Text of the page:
Typically, functional costs are allocated to products, geographic areas, market segments, and even specific customers. Allocation of marketing costs usually requires the advice and counsel of the organization’s accounting department.
Accountants have the specialized training necessary to decide the fairest and most useful method of allocating functional costs.
Cost Analysis by Product, Geographic Area, or Customer
Although marketers ordinarily get a more detailed picture of marketing costs by analyzing functional accounts than by analyzing natural accounts, some firms need an even more precise cost analysis – especially if they sell several types of products, sell in multiple geographic areas, or sell to a wide variety of customers.
Activities vary in marketing different products in specific geographic locations to certain customer groups. Therefore, the costs of these activities also vary.
By allocating the functional costs to specific product groups, geographic areas, or customer groups, a marketer can determine which of these marketing entities are the most cost-effective to serve.
By comparing the costs of previous marketing activities with results generated, a marketer can allocate its marketing resources more effectively in the future.
Marketing cost analysis allows a firm to evaluate the effectiveness of an ongoing or recent marketing strategy by comparing sales achieved and costs incurred. By pinpointing exactly where a firm is experiencing high costs, a marketing cost analysis can help isolate profitable or unprofitable customer segments, products, or geographic areas.
In some organizations, personnel in other functional areas – such as production or accounting – think that marketers are primarily concerned with generating sales regardless of the costs incurred.
By conducting cost analyses, marketers can undercut this criticism and put themselves in a better position to demonstrate how marketing activities contribute to generating profits.
3. Profitability Analysis
Sales analysis and cost analysis are instrumental in diagnosing how well a company’s marketing plan is being implemented. The third type of analysis used for implementation control uses sales and costs to determine profits.
- Profitability analysis provides information on individual units’ profit performance within an organization to determine appropriate corrective action.
- Profitability analysis also provides vital information that allows marketing managers to control the future of their marketing units more effectively.
- Profitability analysis starts with identifying the functional expenses, assigning the functional expenses to marketing entities, and preparing a profit and loss statement for each marketing entity.
This form of implementation control goes beyond sales analysis and beyond cost analysis. It reaches all the way to the ultimate questions, taken together:
Did the margins and profits during the specified period show the healthy base of profits to which we have become accustomed?
The control of marketing implementation is an ongoing process designed to keep the organization on course. While it is obviously essential to ask if we are doing things right regularly, it is important to ask if we are doing the right things on occasion.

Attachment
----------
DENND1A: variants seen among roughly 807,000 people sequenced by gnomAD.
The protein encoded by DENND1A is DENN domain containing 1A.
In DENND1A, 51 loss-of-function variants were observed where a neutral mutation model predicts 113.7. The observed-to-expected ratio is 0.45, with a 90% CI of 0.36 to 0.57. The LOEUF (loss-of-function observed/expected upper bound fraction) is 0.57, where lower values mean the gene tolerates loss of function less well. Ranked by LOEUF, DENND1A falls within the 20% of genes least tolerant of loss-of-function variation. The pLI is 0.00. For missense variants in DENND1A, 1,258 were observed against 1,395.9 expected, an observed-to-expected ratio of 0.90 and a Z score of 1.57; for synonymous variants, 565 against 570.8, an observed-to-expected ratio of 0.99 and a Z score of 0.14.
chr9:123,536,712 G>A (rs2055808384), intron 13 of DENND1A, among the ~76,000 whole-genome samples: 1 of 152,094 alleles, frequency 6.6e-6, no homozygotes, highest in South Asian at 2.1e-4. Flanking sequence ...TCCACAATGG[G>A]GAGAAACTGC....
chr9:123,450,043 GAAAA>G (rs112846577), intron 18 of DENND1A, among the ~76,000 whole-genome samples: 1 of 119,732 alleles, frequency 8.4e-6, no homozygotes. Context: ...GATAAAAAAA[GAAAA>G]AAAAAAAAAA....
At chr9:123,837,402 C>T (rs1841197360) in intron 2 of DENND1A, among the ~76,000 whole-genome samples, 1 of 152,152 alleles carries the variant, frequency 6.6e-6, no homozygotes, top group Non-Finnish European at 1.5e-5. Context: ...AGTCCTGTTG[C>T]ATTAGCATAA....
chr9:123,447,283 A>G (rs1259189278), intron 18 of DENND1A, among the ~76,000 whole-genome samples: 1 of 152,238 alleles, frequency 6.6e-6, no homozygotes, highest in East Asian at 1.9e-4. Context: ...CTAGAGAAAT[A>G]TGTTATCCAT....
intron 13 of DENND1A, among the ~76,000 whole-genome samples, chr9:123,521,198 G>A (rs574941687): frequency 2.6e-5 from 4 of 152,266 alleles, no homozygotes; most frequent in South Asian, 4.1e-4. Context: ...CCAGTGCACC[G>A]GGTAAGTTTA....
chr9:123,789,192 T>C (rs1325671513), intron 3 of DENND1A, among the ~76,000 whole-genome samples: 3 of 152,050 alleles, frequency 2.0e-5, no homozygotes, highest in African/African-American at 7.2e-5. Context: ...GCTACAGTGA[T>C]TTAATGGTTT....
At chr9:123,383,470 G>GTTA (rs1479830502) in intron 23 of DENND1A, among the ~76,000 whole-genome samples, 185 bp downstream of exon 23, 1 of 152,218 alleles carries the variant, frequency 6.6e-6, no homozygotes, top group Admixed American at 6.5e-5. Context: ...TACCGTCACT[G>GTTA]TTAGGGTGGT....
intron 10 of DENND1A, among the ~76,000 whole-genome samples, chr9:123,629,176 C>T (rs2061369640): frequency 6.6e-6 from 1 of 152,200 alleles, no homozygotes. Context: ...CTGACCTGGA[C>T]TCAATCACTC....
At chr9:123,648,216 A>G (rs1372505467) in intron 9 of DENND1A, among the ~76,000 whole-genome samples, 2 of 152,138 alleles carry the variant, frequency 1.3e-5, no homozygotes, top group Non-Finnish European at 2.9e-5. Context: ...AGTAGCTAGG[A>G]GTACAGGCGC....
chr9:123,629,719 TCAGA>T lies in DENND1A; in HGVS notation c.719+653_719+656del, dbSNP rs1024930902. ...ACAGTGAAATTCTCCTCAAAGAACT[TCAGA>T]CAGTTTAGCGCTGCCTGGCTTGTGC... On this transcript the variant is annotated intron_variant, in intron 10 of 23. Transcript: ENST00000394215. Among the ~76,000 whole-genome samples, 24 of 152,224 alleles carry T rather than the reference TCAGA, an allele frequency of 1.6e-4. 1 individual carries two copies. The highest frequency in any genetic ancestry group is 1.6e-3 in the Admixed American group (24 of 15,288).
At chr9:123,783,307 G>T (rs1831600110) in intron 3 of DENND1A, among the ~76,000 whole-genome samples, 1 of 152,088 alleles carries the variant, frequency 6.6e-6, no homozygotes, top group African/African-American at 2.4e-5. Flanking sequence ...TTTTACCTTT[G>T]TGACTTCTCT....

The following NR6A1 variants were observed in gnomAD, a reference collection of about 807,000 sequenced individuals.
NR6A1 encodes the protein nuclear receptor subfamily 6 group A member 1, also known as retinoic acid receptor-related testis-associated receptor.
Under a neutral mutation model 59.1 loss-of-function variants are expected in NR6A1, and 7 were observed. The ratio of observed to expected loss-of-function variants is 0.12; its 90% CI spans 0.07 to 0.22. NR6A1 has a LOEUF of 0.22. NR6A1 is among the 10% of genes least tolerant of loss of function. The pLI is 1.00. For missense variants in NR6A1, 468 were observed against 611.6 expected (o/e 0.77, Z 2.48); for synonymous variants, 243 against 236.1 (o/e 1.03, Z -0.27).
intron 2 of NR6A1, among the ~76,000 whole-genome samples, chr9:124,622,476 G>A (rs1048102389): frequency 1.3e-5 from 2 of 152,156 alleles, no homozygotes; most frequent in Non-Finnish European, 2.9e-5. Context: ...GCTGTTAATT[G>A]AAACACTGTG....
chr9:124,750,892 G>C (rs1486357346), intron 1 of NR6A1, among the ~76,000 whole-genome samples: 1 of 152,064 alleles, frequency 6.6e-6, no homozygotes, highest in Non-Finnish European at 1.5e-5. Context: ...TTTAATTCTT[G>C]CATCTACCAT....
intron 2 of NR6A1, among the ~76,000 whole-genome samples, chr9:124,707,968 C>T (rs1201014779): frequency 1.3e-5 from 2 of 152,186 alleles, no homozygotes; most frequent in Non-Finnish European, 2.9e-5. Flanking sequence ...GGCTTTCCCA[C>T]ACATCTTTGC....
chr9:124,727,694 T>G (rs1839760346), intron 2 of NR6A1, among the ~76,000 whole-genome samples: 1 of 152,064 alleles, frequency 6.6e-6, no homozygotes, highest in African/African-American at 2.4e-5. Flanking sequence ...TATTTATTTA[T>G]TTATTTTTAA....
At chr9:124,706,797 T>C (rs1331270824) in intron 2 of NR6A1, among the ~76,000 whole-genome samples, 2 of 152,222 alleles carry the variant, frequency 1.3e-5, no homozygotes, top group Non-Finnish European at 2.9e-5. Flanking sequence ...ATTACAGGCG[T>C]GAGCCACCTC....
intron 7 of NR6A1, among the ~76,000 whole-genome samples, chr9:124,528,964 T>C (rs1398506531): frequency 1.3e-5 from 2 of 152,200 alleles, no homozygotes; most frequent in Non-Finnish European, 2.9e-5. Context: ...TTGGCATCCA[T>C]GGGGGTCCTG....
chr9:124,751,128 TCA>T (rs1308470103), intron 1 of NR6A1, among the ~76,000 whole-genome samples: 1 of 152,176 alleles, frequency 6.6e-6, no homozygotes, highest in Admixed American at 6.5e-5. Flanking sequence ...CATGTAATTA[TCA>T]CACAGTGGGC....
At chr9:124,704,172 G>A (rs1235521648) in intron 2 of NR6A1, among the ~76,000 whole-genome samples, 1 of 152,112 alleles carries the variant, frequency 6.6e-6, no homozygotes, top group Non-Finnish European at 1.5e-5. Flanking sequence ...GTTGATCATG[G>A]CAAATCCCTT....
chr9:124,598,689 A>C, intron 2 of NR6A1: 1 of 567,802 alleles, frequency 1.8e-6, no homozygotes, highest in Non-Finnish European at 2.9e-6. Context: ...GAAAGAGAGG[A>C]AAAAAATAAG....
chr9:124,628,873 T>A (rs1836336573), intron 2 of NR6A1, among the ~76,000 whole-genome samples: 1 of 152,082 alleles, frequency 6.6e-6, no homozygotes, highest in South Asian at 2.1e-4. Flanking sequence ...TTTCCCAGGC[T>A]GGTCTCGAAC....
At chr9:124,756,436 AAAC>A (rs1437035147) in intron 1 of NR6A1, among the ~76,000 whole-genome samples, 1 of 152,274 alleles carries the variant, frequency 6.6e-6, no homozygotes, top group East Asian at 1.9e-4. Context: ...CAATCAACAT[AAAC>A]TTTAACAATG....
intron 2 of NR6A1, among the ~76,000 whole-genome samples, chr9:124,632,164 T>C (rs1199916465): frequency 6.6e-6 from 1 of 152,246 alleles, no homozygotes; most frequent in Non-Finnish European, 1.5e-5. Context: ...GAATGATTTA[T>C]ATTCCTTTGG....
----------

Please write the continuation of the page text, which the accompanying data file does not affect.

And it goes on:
This requires a broad overview of the entire marketing organization. Hard questions must be asked about the strategy being followed; the organization’s fundamental assumptions must be reevaluated.
One key problem in trying to control an organization’s strategy is that its management team is so involved in setting that strategy to find it difficult to call the strategy into question. A formal set of procedures is needed to ensure that managers will carry out a genuine marketing strategy control.
This set of procedures is known as the “marketing audit.” We have discussed this aspect in the evaluation of marketing activities section.
Once the audit process is complete, the marketing executive can make necessary changes in the existing program or modify plans.
When an audit was designed to control a presently running program, the marketing executive can decide if any strategy changes are needed and plan accordingly.
When the audit was for performance review, the executive will apply lessons learned to new programs and determine the competitive position of the product.
A marketer should keep in mind that a marketing audit can only identify strengths and weaknesses in a marketing program, but it cannot solve any existing problems.
Solving the problem is the marketing executive’s job, and it is not always easy to make adjustments in existing programs.
Different parties relating to the company have already formed images and expectations about the product and the channel, promotion, and price strategies. When rapid and radical shifts in the marketing program occur, a marketer risks alienating a sizable portion of the core market.
However, if adjustments are not made, the company’s profitability will suffer. Thus, the marketing executive must be cautious in fully analyzing and planning all possible program changes before taking action.
Without a few exceptions, a marketer brings changes in his programs step by step, not making changes everywhere at a time. He also notifies his middlemen, suppliers, and customers of the changes he is about to bring in programs.
To make consumers aware of the company’s program, he develops a well-thought promotional program. Thus, a marketer brings changes in his marketing program once all related plans are set.